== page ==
Historians believed for over 2,000 years that the pyramids in Egypt were built by slaves based on a single piece of writing they believed to be true. Herodotus, the Greek Historian who visited the pyramids c. 450 BC and wrote down that they were built by slaves was just repeating what he himself had been told. Conversely, unlike Herodotus, who we know was a reasonably serious historian, we have no idea who the author of the letter of Aristeas was, but it is believed the piece was intentional propaganda to defend the validity of the text. A text which may or may not be an “ancestor” of the “complete” LXX. Besides this single piece of writing, written 150-100 BC, there is no other evidence whatsoever that the LXX ever existed before Christ. And just to remind you of what I said earlier, the letter only talks about the translation into Greek of the Pentateuch, not the entire Hebrew canon, or for that matter any one of the other OT books, Isaiah included.

The LXX does not exist, at all, in its original form. If it ever did that is. The very real possibility is that there was never a complete original “Septuagint” covering the complete 39 canonical books of the OT until the work of Origen. He himself could have collected miscellaneous textual translations of various books and put them all in the fifth column of the Hexapla. Even if he got the work as a complete body of text, the LXX could still be a collection of different translations of OT books written by different people at different times, collected and collated into a volume by someone at a later time. Translations could have been done before or after Christ. However, knowing the number of Greek translations done in the second century AD would indicate one of the following may be true: There was never a complete Greek translation of the OT canon until the second century, the LXX was universally considered poor quality and the early church looked to these other translations (which were done by heretics), the LXX was done before the second century but nobody actually had copies of it, etc. Most scholars believe the LXX to be a progressive text as it is. That the translation was made over a period of time, and that different translators did different books.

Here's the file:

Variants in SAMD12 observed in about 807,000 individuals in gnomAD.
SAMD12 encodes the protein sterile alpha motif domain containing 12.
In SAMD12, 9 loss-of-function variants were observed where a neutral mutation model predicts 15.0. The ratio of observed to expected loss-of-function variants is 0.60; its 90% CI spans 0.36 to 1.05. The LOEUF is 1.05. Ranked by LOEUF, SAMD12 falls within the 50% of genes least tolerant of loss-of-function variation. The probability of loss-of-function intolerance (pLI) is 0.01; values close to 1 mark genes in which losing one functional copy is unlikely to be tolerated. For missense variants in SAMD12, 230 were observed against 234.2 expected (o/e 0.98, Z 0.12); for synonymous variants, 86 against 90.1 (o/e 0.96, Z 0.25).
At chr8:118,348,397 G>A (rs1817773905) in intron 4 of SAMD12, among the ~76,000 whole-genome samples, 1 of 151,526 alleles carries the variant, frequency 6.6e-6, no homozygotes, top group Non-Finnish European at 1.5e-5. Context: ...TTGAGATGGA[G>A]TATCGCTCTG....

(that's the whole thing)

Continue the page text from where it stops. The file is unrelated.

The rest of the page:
In conclusion. The LXX is not the well preserved text that the New and Old Testaments are in the first place. Its origin is unknown and the earliest extant version of it can only be traced back as far as 245AD to Origen’s Hexapla. Whether some of the content could have been written BC is not in doubt, however as I have shown, the evidence would lead us to believe that most of the content could date no further back to the later first and second centuries. It’s the work of anonymous or unknown translators. And at that time there were several rival heretical Christian sects. Whenever it was written, it is known to have been revised (that is, deliberately altered) by later authors including Origen in 245AD. There is no sufficient evidence that the New Testament ever quotes the LXX since the LXX probably quotes the NT. It does not reveal material “lost” from the Hebrew text. Put simply, the LXX does not really exist, it’s just a collection of translations that were put together c. third century, it was not used by the early first and second century Christians. It is not a reliable translation. What value it has depends on what you perceive it to be.